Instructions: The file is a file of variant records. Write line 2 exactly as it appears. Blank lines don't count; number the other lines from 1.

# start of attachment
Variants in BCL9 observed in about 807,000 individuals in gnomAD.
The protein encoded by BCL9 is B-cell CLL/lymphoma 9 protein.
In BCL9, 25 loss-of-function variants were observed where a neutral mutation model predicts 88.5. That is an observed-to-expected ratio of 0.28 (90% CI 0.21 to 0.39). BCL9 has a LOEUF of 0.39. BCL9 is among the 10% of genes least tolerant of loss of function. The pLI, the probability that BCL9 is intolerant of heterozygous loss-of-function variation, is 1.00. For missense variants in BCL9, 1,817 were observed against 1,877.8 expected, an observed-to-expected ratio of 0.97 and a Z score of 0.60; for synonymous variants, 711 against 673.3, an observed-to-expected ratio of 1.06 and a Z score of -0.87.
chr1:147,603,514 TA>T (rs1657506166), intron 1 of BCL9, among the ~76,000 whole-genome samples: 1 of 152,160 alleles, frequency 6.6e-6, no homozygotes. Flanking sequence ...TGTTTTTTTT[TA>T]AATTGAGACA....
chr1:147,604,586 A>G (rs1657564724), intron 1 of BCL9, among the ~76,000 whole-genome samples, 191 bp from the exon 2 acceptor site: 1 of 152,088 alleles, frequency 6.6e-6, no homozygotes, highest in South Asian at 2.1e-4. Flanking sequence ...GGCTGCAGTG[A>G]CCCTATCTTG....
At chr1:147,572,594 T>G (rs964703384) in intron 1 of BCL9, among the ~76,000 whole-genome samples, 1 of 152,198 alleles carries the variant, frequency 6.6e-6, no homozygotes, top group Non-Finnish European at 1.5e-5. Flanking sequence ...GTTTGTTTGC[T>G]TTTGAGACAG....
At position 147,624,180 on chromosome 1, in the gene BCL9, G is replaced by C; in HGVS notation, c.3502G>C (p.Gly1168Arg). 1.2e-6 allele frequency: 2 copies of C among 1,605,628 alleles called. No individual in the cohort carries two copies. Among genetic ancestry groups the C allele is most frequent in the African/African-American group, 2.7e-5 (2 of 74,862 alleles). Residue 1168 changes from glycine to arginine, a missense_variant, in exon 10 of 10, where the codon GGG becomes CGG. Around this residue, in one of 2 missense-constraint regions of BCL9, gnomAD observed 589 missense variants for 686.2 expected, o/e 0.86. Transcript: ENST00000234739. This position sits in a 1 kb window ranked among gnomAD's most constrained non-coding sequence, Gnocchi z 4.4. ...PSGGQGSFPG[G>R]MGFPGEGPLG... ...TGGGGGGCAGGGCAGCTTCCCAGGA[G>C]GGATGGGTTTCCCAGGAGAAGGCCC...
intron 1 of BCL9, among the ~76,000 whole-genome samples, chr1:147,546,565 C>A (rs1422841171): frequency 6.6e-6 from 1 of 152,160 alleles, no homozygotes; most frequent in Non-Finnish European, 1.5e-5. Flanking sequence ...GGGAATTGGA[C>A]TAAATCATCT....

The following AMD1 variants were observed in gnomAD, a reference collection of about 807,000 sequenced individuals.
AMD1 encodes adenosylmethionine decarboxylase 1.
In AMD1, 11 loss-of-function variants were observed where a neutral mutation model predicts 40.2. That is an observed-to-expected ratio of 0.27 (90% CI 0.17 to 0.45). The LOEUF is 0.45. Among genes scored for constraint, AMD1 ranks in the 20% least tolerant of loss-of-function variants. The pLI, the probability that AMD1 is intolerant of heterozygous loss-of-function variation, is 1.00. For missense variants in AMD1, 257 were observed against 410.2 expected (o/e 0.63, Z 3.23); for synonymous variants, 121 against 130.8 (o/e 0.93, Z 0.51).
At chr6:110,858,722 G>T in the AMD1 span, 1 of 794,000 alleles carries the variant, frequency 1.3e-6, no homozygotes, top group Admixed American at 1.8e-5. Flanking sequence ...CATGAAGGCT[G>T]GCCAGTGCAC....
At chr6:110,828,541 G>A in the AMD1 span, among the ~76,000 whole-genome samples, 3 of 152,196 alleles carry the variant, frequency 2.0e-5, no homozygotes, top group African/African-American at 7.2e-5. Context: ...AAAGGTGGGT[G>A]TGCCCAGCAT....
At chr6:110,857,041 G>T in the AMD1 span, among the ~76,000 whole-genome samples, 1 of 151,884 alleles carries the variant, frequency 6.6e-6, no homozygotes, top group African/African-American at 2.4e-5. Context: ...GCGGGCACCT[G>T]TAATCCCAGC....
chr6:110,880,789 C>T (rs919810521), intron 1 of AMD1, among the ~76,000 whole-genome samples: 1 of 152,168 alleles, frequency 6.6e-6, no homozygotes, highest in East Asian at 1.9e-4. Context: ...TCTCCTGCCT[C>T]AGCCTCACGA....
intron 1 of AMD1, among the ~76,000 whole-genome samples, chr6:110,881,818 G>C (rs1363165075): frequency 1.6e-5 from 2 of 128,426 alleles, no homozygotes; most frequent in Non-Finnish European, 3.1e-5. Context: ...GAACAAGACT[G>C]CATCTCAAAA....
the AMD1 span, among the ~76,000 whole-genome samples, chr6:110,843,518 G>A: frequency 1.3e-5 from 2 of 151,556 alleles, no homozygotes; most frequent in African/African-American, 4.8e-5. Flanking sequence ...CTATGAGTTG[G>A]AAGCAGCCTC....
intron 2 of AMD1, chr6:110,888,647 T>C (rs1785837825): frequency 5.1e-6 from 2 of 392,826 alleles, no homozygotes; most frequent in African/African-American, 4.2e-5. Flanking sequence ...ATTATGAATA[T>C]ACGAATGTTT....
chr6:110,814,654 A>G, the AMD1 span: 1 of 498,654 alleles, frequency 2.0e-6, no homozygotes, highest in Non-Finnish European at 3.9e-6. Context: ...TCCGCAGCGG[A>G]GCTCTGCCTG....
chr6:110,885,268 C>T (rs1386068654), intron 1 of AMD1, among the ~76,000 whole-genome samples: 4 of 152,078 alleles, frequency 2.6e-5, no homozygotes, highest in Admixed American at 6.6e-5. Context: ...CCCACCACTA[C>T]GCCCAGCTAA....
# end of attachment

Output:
The protein encoded by BCL9 is B-cell CLL/lymphoma 9 protein.